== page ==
A Day at The Royal Palaces in Bangkok

Our first Sunday in Bangkok, we decided to pay the king a visit. From our hostel in Silom, we rode a cab (hailed through Uber), and went to The Grand Palace. The cab driver dropped us off near the entrance of Wat Po because the road circumnavigating the palace is one way only and some parts are closed. We saw many people wearing black, many Chinese people, and many Koreans dressed to the nines. When we got to the entrance, we didn’t expect to join a mob to enter the palace.

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“Are you a sheep or a wolf?” I heard Frank Underwood say.

It was a bad day to be a tourist. We “lined up” 30 minutes at the gate and then got pushed by everyone else to enter the gate. I overheard someone saying, “This is the time we die in an herd,” and another one saying, “Welcome to Thailand.” No, it’s not normally like that in Thailand and I would have to say that that mob was because of non-Thai tourists. Also, I learned that it was a long weekend in Thailand because of Mothers’ Day and the Queen’s birthday and many people came to pay respects to the king, which, I think, took many of the tourist guards away from their post. Anyway, we entered the Grand Palace but didn’t buy the tickets anymore.

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The roofs of the buildings inside the Grand Palace.

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Entrance Fee to Grand Palace: 500baht (P768 or $15)

How to go to the Grand Palace: The easiest, and probably cheapest way, would be through the Chao Phraya river. Ride the train to the Saphan Taksin train station, take one of the river boats to the Maharaj Pier. The Grand Palace is just a short walk from the pier.

After 30 minutes or so inside the grounds of the palace, we decided to go out. I suggested we go to the other Royal Palace. We got lost because we went to the other direction, where all roads were closed. So we went back to the Grand Palace entrance, asked a few questions, and took a tuk-tuk to the Dusit Zoo. We paid the tuk-tuk driver 200baht.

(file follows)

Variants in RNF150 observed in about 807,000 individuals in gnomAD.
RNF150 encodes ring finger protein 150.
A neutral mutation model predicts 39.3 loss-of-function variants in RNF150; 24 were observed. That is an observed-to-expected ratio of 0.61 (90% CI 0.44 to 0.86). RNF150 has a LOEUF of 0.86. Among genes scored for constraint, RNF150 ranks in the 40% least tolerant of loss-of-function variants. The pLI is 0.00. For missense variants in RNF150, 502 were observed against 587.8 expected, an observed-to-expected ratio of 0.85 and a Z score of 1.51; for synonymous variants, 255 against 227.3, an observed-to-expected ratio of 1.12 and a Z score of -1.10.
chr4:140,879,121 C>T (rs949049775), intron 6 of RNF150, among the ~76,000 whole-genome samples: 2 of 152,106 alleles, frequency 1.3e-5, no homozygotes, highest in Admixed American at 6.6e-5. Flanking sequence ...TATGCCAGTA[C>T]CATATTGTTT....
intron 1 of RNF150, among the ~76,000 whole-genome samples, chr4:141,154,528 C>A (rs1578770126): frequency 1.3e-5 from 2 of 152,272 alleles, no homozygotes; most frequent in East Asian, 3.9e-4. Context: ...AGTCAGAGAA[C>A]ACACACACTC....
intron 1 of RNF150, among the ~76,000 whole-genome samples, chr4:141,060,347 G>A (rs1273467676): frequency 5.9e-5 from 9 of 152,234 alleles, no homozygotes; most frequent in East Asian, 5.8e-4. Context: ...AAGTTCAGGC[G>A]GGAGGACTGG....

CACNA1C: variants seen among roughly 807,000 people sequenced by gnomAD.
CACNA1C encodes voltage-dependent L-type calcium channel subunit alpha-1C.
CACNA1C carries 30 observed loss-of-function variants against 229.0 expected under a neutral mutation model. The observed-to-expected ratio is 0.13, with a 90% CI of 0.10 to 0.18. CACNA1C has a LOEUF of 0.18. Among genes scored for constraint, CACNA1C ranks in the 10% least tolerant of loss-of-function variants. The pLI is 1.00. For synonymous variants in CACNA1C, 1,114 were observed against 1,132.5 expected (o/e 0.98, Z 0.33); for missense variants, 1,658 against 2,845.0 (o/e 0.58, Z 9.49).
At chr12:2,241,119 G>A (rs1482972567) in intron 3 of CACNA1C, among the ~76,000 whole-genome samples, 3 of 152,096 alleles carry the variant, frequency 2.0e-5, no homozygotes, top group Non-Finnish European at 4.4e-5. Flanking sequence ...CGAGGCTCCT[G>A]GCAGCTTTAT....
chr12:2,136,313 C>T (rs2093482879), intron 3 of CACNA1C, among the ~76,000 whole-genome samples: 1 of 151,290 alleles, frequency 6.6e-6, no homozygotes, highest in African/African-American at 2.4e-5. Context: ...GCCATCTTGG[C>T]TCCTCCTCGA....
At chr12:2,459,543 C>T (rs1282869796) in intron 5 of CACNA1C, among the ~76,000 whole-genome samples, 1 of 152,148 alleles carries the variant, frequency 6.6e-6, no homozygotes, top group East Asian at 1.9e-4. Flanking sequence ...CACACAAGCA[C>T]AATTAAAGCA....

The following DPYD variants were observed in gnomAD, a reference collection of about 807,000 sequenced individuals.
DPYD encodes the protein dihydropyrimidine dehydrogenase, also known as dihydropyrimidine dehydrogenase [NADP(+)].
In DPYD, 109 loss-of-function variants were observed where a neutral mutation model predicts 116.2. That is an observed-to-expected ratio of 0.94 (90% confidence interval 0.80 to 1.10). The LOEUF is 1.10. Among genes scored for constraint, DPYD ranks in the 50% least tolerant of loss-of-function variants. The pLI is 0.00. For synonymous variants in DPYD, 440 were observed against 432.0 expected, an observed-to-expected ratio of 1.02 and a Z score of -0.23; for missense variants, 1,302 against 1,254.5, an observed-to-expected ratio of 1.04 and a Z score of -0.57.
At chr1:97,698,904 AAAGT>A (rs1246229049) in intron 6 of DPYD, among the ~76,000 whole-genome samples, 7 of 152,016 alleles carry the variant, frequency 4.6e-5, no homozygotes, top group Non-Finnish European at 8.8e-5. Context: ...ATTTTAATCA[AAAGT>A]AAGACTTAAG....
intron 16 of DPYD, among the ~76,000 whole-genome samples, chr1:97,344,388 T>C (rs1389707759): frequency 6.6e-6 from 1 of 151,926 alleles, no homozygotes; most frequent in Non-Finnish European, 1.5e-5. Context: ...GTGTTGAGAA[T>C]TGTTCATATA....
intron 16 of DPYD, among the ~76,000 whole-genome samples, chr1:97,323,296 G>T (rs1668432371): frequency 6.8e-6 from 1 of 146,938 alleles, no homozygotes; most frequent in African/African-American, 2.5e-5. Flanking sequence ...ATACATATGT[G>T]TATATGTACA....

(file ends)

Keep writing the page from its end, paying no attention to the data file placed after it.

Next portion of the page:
Our first order of business at the zoo was to eat. We are also animals. Haha. Thankfully, they have a cafeteria that did not sell offensively priced food. In fact, I think the zoo is not popular to many foreigners (maybe because it’s a small zoo) that we were the only foreigners there. The cafeteria has a coupon system. You buy coupons near the entrance. I believe you would only need about 62 baht worth of coupons for meal (50 baht) and drinks (12 baht). After a fulfilling meal and an icy drink (they fill your glasses with ice here), we took paid 25 baht for the hop on, hop off tram to tour the whole zoo.

Points of interest for me at the zoo were (1) the elephant, (2) the penguin show, (3) the tigers, (4) the albino deers, and the (5) Asian bear (who was sleeping). You can use your tram ticket for 2 rounds.

Entrance fee to Dusit Zoo: 100 baht (P153 or $3) + 25baht tram

How go to to Dusit Zoo: by tuktuk (see above note) or by train. The nearest train station is the Victory Monument. Then ride any public transportation from there.

After the zoo, we went to the neighbouring grounds to check out the other royal palace — the Dusit Palace. Most of the buildings inside the Dusit Palace were closed for renovation so we were only able to see the Ananta Samakhom Throne Hall (the European-inspired building) grounds. We did not go inside the throne hall because the line of tourists was too long and we didn’t want a repeat of the Grand Palace mob on the same day. I believe you can use your Grand Palace ticket to visit the Dusit Palace buildings.

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It didn’t help that that day was very hot and there were no trees at the palaces. I wanted to lie down beside the bear underneath the tree. We decided to call it a day and hailed a taxi back to our hostel.

 

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